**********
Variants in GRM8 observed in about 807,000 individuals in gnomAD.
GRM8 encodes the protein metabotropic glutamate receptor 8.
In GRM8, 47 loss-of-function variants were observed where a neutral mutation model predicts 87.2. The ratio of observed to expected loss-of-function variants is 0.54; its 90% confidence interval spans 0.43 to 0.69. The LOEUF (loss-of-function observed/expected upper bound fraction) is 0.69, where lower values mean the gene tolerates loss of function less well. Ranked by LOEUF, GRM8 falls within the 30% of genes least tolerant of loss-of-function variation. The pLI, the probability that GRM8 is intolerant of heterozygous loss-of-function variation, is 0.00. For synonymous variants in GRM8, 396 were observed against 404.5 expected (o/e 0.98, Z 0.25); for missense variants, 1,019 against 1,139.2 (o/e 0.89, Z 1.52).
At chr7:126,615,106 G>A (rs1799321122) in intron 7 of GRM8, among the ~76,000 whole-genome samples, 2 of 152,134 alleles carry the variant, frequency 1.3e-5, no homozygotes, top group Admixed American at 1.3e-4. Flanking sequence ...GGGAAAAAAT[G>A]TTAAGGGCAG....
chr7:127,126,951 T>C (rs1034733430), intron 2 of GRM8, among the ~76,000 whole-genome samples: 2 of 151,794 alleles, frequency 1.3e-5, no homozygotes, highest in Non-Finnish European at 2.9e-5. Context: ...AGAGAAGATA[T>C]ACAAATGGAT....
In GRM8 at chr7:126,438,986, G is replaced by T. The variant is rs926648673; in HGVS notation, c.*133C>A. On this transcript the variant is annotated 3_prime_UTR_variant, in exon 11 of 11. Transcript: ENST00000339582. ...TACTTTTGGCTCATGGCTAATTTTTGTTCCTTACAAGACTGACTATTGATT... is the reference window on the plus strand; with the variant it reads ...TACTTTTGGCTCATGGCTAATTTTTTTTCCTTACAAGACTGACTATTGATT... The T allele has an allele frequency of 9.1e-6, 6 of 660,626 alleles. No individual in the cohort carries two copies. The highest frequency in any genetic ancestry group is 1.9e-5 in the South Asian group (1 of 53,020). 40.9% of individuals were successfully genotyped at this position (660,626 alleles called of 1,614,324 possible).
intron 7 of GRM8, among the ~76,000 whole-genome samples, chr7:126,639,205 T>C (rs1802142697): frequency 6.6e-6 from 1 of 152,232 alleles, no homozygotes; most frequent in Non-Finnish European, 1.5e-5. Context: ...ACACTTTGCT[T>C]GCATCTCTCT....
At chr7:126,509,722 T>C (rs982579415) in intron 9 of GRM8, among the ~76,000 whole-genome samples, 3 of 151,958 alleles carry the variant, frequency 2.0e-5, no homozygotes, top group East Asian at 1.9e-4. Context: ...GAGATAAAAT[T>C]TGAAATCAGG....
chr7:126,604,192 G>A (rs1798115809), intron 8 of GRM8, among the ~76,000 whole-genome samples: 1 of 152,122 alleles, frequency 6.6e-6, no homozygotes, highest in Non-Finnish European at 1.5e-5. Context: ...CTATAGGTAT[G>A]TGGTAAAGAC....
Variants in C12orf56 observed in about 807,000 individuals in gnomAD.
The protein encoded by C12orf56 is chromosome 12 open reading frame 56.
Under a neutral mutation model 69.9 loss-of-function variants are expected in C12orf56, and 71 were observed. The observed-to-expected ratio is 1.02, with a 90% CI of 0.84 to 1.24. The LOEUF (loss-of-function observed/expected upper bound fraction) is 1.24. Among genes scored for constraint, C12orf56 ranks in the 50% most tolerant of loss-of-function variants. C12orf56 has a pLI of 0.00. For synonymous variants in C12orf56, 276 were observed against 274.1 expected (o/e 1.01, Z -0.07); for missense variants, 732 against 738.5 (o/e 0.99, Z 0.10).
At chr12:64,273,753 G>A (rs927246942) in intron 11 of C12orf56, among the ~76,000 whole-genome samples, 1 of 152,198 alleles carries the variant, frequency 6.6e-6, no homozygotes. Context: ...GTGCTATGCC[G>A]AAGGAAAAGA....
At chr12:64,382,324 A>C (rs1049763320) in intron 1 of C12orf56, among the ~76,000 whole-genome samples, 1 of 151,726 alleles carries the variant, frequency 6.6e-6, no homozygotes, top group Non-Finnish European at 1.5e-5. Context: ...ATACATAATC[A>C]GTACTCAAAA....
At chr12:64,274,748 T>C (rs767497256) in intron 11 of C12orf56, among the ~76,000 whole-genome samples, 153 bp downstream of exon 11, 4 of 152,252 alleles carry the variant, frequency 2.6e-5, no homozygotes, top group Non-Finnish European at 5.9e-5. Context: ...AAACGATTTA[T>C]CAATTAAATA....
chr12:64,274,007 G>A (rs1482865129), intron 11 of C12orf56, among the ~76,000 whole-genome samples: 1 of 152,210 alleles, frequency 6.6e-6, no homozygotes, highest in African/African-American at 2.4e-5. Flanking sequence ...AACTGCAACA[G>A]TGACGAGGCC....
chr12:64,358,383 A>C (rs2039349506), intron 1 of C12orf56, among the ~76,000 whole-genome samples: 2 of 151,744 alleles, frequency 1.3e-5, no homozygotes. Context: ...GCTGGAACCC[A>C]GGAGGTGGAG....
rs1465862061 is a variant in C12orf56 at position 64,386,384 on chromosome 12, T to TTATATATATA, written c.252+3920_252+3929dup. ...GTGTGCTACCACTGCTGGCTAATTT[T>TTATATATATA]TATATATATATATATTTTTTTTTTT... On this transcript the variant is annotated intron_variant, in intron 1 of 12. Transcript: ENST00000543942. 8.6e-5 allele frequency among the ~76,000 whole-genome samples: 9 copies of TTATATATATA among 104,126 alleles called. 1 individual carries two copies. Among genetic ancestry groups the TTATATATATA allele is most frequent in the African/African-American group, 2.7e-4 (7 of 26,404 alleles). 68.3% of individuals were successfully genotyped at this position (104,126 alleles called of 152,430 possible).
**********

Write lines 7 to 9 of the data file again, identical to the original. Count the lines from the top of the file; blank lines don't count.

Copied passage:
intron 7 of GRM8, among the ~76,000 whole-genome samples, chr7:126,639,205 T>C (rs1802142697): frequency 6.6e-6 from 1 of 152,232 alleles, no homozygotes; most frequent in Non-Finnish European, 1.5e-5. Context: ...ACACTTTGCT[T>C]GCATCTCTCT....
At chr7:126,509,722 T>C (rs982579415) in intron 9 of GRM8, among the ~76,000 whole-genome samples, 3 of 151,958 alleles carry the variant, frequency 2.0e-5, no homozygotes, top group East Asian at 1.9e-4. Context: ...GAGATAAAAT[T>C]TGAAATCAGG....
chr7:126,604,192 G>A (rs1798115809), intron 8 of GRM8, among the ~76,000 whole-genome samples: 1 of 152,122 alleles, frequency 6.6e-6, no homozygotes, highest in Non-Finnish European at 1.5e-5. Context: ...CTATAGGTAT[G>A]TGGTAAAGAC....